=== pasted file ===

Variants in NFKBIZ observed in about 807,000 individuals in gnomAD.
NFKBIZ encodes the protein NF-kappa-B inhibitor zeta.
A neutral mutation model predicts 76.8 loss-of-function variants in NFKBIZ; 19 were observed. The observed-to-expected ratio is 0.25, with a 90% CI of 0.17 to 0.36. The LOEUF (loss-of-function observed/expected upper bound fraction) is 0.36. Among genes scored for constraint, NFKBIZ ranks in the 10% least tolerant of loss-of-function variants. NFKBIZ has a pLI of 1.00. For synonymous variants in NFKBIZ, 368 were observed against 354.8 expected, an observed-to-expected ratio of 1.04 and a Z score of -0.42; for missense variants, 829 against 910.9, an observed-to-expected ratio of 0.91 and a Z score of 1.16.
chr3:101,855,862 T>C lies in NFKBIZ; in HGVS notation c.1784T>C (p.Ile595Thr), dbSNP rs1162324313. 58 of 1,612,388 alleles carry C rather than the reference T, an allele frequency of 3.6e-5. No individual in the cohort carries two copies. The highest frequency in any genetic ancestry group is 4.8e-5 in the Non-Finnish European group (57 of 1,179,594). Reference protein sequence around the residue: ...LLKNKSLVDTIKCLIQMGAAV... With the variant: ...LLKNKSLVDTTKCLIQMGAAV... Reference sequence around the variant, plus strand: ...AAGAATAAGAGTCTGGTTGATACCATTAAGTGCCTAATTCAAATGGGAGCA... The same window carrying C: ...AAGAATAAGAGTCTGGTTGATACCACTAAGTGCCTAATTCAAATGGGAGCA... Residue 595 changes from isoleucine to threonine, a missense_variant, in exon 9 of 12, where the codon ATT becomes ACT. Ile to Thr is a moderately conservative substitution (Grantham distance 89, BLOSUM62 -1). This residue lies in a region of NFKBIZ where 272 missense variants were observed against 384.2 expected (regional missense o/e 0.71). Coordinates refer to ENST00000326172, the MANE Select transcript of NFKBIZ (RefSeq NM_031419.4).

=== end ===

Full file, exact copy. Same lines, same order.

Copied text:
Variants in NFKBIZ observed in about 807,000 individuals in gnomAD.
NFKBIZ encodes the protein NF-kappa-B inhibitor zeta.
A neutral mutation model predicts 76.8 loss-of-function variants in NFKBIZ; 19 were observed. The observed-to-expected ratio is 0.25, with a 90% CI of 0.17 to 0.36. The LOEUF (loss-of-function observed/expected upper bound fraction) is 0.36. Among genes scored for constraint, NFKBIZ ranks in the 10% least tolerant of loss-of-function variants. NFKBIZ has a pLI of 1.00. For synonymous variants in NFKBIZ, 368 were observed against 354.8 expected, an observed-to-expected ratio of 1.04 and a Z score of -0.42; for missense variants, 829 against 910.9, an observed-to-expected ratio of 0.91 and a Z score of 1.16.
chr3:101,855,862 T>C lies in NFKBIZ; in HGVS notation c.1784T>C (p.Ile595Thr), dbSNP rs1162324313. 58 of 1,612,388 alleles carry C rather than the reference T, an allele frequency of 3.6e-5. No individual in the cohort carries two copies. The highest frequency in any genetic ancestry group is 4.8e-5 in the Non-Finnish European group (57 of 1,179,594). Reference protein sequence around the residue: ...LLKNKSLVDTIKCLIQMGAAV... With the variant: ...LLKNKSLVDTTKCLIQMGAAV... Reference sequence around the variant, plus strand: ...AAGAATAAGAGTCTGGTTGATACCATTAAGTGCCTAATTCAAATGGGAGCA... The same window carrying C: ...AAGAATAAGAGTCTGGTTGATACCACTAAGTGCCTAATTCAAATGGGAGCA... Residue 595 changes from isoleucine to threonine, a missense_variant, in exon 9 of 12, where the codon ATT becomes ACT. Ile to Thr is a moderately conservative substitution (Grantham distance 89, BLOSUM62 -1). This residue lies in a region of NFKBIZ where 272 missense variants were observed against 384.2 expected (regional missense o/e 0.71). Coordinates refer to ENST00000326172, the MANE Select transcript of NFKBIZ (RefSeq NM_031419.4).